This project had two components: 1) development of a comprehensive database on winter wheat response to nitrogen fertilizer rates; 2) evaluation of the potential of peas, alfalfa, and wheat straw as nitrogen sources for a following wheat crop in rotation. The database study examined winter wheat yield response to 41 nitrogen rates. When soil test N + mineralizable N + fertilizer N ranged from 101 to 175 kg/ha, a requirement of 2.75 lb N per bushel of wheat was calculated. This agrees with the figure calculated by Leggett in the 1950's, indicating that modern varieties have not changed in their basic nitrogen requirement, when nitrogen fertilizer efficiency is assumed to be 50%. At total available N rates greater than 175 kg/ha, the N requirement per bushel of wheat increased dramatically. Low rates did not show a large increase in efficiency on a per bushel basis. At Moscow, N fertilizer application rates less than 95 kg/ha resulted in greater than 50% N use efficiency. Efficiency declined rapidly at rates above this. The green manure study compared alfalfa, pea, and green wheat straw residues applied at 1, 2, and 3 mt/ha. In general, higher rates of pea and alfalfa resulted in higher wheat yields. The highest yields were with the high rate of pea residue. It was more effective than alfalfa residue, probably due to faster decomposition. Alfalfa provided more N per ton of residue (31 kg/mt) than the peas (29 kg/mt), while straw added 19 kg/mt.
4321. McDole, R.E., J.P. Jones, and R.W. Harder. 1978. North Idaho fertilizer guide - Peas and Lentils.. ID Agr. Expt. Sta. CIS #448.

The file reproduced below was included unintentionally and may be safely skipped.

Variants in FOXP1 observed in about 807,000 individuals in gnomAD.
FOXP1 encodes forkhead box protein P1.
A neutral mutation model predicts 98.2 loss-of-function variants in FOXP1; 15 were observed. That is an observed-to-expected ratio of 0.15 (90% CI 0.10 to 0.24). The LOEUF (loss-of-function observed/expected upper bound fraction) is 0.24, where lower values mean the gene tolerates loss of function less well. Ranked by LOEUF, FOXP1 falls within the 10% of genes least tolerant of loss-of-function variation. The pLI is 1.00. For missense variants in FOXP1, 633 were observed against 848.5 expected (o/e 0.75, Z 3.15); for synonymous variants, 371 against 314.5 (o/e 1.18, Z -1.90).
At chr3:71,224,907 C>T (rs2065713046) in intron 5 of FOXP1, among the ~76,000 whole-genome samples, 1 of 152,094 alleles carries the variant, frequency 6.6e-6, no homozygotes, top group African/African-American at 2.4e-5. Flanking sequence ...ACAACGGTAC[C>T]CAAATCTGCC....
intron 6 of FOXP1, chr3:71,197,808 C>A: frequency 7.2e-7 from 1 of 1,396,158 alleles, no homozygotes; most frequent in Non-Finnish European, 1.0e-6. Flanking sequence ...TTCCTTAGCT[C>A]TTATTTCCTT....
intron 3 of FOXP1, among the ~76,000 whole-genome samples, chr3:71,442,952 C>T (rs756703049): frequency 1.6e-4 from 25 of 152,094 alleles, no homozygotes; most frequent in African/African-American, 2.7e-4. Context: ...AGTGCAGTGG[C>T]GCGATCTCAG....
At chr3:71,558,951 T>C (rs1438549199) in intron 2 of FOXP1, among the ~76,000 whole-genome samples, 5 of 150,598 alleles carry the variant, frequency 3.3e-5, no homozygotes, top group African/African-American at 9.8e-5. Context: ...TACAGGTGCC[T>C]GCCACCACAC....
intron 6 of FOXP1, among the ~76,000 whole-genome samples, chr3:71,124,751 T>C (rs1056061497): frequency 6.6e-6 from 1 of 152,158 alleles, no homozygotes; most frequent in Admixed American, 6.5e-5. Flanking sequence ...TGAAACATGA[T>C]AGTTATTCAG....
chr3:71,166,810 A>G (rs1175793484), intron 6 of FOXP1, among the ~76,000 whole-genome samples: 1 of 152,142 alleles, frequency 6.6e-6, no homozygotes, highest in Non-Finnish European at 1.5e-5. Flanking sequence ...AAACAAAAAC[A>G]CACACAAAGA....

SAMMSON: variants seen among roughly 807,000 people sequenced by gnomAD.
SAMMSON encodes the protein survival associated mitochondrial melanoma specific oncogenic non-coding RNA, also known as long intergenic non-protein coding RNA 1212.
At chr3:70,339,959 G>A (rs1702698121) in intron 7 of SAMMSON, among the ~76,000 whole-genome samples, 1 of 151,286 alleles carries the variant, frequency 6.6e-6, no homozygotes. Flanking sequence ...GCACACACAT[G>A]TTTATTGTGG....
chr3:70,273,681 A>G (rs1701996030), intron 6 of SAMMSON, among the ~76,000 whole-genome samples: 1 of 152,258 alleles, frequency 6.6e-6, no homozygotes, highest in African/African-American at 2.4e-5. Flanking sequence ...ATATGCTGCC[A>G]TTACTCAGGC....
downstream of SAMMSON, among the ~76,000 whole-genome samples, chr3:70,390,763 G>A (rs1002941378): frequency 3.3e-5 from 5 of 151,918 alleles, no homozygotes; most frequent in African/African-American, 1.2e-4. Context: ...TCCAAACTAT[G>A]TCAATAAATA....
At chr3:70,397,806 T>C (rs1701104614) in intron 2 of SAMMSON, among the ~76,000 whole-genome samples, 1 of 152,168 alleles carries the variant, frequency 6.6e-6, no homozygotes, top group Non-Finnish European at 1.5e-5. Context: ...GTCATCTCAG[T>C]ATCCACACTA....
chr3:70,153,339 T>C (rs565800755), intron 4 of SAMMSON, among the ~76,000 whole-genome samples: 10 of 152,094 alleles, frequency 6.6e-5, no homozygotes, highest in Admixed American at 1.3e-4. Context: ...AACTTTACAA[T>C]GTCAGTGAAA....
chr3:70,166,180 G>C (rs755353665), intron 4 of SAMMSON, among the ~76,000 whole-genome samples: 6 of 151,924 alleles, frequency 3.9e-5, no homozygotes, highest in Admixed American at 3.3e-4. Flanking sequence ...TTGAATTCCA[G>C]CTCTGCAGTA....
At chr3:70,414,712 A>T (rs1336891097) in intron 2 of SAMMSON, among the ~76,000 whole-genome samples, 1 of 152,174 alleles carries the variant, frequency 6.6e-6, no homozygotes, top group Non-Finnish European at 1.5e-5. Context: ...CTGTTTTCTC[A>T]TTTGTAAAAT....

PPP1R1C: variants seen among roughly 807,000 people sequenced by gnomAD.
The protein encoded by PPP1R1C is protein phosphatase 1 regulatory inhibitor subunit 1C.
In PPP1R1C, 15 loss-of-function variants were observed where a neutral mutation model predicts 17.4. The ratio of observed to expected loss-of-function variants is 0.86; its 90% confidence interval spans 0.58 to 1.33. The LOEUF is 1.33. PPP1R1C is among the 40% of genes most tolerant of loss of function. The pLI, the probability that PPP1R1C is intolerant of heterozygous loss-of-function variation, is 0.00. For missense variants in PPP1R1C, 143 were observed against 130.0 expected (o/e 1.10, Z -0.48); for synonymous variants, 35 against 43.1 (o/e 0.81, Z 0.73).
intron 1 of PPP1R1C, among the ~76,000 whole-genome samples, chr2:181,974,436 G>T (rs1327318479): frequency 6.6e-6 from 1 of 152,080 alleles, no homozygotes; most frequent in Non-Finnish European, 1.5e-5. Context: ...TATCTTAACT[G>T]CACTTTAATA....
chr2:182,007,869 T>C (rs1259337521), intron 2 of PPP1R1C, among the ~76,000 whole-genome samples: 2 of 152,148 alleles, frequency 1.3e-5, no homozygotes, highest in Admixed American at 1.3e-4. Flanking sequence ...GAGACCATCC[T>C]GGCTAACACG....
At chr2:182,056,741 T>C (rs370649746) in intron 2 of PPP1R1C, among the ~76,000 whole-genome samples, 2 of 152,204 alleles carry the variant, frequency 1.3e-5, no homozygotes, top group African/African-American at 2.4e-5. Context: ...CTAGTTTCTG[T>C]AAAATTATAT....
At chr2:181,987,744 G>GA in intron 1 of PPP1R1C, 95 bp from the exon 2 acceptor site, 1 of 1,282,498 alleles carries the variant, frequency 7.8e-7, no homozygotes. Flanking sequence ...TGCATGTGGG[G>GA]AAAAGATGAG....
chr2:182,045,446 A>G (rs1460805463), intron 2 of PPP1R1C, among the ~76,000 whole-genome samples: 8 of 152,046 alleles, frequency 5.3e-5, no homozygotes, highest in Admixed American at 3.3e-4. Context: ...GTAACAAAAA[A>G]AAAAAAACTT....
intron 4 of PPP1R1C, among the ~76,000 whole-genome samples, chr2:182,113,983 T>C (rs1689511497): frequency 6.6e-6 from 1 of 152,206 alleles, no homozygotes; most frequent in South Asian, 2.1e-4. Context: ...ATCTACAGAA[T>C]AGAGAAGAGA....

Describes crop needs for P,K,S and micronutients; Starter fertilizer not recommended.
5539. Ramig, R.E.. 1987. Conservation tillage systems for green pea production in the Pacific Northwest.. IN: J.F. Power (ed.). The role of legumes in conservation tillage systems. p. 93-94.
Summarizes a 13 yr study of the effects of 4 tillage systems in a pea-winter wheat cropping system on water conservation and use, yields, water use efficiency, and the changes in weed populations. Water storage on land on which wheat stubble was left standing overwinter averaged 10% more than on fall-tilled stubble. There were no significant differences in wheat yields among tillage systems. Weed infestations in peas shifted due to tillage, primarily with lambsquarters. Spring plow was worst. Conservation tillage for a wheat-pea rotation can enhance water conservation, and in dry years can increase pea yields by 20% and wheat yields by 5%. Long-term effects are not consistent due to crop residue influences.
7161. Vandecaveye, S.C. and W.H. Fuller. 1941. Studies of different cultures of Rhizobium leguminosarum and of gypsum and straw for seed pea production.. Iowa St. College Journal of Sci. 15(4):415-423.
Tested 7 cultures of Rhizobium for nodulation and yield of Alaska seed peas. Also did a pot study with wheat straw and gypsum amendments. The field soil had never had peas before, but contained sufficient Rhizobium to inoculate peas. Seed inoculation tended to increase yields, but no culture was a sufficiently good N fixer to insure vigorous growth on soils low in available N. Soil amendments did not affect nodulation or growth. Yield differences were primarily due to variation in soil productivity.
7559. Wilkins, D.E. and J.M. Kraft. 1987. Relation between seedling vigor and yield of peas.. OR Agr. Expt. Sta. Special Report 797, p. 29.